For example, people are more likely to make impulsive decisions when stressed or sad. If your wearable device was able to tell you that you are feeling a little high-strung or down, you might be able to take that into account before indulging in food that’s bad for your health or making expensive impulse purchases. You may wait until you are in a better frame of mind to make big decisions.
Alternatively, it can also tell you when an activity increases your emotional well-being, perhaps encouraging you to participate in that activity more often. Long-term emotional tracking can also be a useful tool for helping adjust lifestyle. Mental health is at the forefront of many well-being campaigns and there remains such overwhelming stigma for many people that it prevents people first from noticing a problem and secondly from seeking appropriate help when they realize there is a problem.
While artificial emotional intelligence via wearable devices is no substitute for a qualified professional, it could certainly serve as a tool for individuals who are not currently self-monitoring but wish to develop this habit or who may not yet be ready to seek additional help. Additionally, the use of these devices may help normalize the process of monitoring and supporting mental and emotional wellbeing, helping to erode the stigma that exists.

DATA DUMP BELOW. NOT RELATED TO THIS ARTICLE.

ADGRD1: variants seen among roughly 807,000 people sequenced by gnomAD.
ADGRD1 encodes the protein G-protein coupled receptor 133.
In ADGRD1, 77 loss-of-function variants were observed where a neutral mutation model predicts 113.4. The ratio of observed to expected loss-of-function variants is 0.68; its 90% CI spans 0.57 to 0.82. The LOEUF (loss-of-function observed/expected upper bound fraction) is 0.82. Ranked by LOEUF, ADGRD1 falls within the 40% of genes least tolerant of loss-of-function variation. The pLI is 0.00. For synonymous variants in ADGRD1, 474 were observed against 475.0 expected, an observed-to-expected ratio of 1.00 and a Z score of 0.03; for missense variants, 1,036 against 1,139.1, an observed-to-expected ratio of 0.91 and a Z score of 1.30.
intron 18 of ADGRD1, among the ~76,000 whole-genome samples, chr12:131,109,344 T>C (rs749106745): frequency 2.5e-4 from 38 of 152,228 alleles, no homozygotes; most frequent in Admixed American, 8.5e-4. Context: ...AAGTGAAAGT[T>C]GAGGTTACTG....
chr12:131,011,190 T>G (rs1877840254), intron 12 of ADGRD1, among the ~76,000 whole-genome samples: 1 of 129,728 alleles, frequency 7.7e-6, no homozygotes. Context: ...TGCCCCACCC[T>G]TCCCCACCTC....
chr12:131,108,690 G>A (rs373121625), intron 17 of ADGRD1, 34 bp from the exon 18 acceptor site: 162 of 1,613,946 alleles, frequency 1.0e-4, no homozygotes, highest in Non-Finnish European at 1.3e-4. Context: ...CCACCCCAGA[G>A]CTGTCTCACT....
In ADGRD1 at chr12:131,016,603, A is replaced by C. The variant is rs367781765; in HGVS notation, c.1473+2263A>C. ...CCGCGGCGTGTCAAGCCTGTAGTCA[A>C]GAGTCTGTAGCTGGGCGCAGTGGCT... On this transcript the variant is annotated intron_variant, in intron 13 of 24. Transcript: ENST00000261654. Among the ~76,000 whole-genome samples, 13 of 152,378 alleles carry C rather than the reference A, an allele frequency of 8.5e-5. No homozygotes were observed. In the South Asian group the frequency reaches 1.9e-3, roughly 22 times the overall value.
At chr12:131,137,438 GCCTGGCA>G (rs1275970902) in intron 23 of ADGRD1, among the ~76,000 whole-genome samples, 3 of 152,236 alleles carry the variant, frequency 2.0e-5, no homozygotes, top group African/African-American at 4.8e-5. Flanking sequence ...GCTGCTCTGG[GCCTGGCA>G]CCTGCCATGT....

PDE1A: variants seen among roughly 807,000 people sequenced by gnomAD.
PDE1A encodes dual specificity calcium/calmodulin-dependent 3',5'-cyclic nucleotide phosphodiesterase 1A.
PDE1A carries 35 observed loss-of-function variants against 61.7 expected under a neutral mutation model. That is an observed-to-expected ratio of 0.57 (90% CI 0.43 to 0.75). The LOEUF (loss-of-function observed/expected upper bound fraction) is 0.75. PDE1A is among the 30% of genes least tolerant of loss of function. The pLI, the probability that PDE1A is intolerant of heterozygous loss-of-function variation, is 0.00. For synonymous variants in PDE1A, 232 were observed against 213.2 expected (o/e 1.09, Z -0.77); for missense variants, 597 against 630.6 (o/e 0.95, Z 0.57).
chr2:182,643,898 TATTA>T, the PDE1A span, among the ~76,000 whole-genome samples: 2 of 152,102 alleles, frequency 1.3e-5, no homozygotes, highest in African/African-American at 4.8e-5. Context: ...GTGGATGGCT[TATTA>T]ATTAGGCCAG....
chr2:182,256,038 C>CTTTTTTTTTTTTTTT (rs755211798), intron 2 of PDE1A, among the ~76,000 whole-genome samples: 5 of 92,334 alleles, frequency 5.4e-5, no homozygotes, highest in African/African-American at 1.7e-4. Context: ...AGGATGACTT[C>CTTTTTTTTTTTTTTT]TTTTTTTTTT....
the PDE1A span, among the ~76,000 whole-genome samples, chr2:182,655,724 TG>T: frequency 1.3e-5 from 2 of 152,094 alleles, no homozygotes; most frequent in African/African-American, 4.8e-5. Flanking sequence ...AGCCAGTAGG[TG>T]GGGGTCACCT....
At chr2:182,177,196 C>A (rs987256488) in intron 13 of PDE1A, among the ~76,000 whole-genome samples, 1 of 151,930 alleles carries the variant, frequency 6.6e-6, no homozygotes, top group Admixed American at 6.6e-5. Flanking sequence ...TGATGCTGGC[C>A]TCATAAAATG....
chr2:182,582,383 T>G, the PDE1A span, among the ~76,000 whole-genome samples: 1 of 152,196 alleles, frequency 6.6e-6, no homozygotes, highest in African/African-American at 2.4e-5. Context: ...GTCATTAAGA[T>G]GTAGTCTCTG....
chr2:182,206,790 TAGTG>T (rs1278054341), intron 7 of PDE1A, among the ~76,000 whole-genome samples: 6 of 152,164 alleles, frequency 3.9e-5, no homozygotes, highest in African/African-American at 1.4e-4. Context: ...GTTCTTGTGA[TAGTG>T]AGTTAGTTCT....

As we move forward, we may begin to see our wearable devices go from being simply fitness trackers and social media devices to full-on life coaches. This stands to be a positive change for many, even if it's just improving the awareness we have for our stress levels.
One thing to keep in mind is that, regardless of how accurate or scientifically supported these emotion trackers are, they may impact our lives in ways we may not anticipate. Data from wearables is now a hot commodity for businesses to track their employees' wellness and, in the near future, insurance companies may adjust rates based on wearable fitness data. If that's the coming trend, you have to wonder—do we really want our wearables tracking emotions, too?
Regardless, the fact remains that engineers are developing these devices as we speak and we're likely to see more of them in the future.